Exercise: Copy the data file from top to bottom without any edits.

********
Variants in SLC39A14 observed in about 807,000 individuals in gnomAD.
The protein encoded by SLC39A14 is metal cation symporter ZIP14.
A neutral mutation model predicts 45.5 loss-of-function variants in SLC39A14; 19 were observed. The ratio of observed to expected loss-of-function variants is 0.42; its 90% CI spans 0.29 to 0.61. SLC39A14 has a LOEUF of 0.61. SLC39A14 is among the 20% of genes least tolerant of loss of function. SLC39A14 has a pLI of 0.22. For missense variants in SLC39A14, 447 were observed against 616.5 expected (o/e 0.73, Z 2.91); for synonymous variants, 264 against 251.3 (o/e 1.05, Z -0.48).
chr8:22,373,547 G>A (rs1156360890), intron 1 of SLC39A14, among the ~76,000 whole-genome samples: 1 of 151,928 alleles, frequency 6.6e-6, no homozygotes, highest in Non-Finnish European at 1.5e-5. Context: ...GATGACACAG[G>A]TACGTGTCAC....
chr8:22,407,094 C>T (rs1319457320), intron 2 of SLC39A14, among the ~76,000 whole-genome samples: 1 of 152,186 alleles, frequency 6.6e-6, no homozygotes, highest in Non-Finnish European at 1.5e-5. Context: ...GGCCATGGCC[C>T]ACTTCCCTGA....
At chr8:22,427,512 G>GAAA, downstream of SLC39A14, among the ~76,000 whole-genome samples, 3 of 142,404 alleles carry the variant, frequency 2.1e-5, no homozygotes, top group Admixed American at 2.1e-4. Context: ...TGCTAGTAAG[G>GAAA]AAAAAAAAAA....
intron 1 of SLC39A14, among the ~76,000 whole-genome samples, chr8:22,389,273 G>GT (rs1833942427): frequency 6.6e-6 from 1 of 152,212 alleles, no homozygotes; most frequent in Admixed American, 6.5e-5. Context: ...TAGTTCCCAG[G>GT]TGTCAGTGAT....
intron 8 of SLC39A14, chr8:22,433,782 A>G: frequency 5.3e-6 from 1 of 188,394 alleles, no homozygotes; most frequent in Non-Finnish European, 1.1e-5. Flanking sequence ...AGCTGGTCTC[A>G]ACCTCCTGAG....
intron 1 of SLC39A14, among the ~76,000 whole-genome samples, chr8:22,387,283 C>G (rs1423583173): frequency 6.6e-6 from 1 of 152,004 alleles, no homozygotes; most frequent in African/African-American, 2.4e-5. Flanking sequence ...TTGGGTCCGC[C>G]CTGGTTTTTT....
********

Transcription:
Variants in SLC39A14 observed in about 807,000 individuals in gnomAD.
The protein encoded by SLC39A14 is metal cation symporter ZIP14.
A neutral mutation model predicts 45.5 loss-of-function variants in SLC39A14; 19 were observed. The ratio of observed to expected loss-of-function variants is 0.42; its 90% CI spans 0.29 to 0.61. SLC39A14 has a LOEUF of 0.61. SLC39A14 is among the 20% of genes least tolerant of loss of function. SLC39A14 has a pLI of 0.22. For missense variants in SLC39A14, 447 were observed against 616.5 expected (o/e 0.73, Z 2.91); for synonymous variants, 264 against 251.3 (o/e 1.05, Z -0.48).
chr8:22,373,547 G>A (rs1156360890), intron 1 of SLC39A14, among the ~76,000 whole-genome samples: 1 of 151,928 alleles, frequency 6.6e-6, no homozygotes, highest in Non-Finnish European at 1.5e-5. Context: ...GATGACACAG[G>A]TACGTGTCAC....
chr8:22,407,094 C>T (rs1319457320), intron 2 of SLC39A14, among the ~76,000 whole-genome samples: 1 of 152,186 alleles, frequency 6.6e-6, no homozygotes, highest in Non-Finnish European at 1.5e-5. Context: ...GGCCATGGCC[C>T]ACTTCCCTGA....
At chr8:22,427,512 G>GAAA, downstream of SLC39A14, among the ~76,000 whole-genome samples, 3 of 142,404 alleles carry the variant, frequency 2.1e-5, no homozygotes, top group Admixed American at 2.1e-4. Context: ...TGCTAGTAAG[G>GAAA]AAAAAAAAAA....
intron 1 of SLC39A14, among the ~76,000 whole-genome samples, chr8:22,389,273 G>GT (rs1833942427): frequency 6.6e-6 from 1 of 152,212 alleles, no homozygotes; most frequent in Admixed American, 6.5e-5. Context: ...TAGTTCCCAG[G>GT]TGTCAGTGAT....
intron 8 of SLC39A14, chr8:22,433,782 A>G: frequency 5.3e-6 from 1 of 188,394 alleles, no homozygotes; most frequent in Non-Finnish European, 1.1e-5. Flanking sequence ...AGCTGGTCTC[A>G]ACCTCCTGAG....
intron 1 of SLC39A14, among the ~76,000 whole-genome samples, chr8:22,387,283 C>G (rs1423583173): frequency 6.6e-6 from 1 of 152,004 alleles, no homozygotes; most frequent in African/African-American, 2.4e-5. Flanking sequence ...TTGGGTCCGC[C>G]CTGGTTTTTT....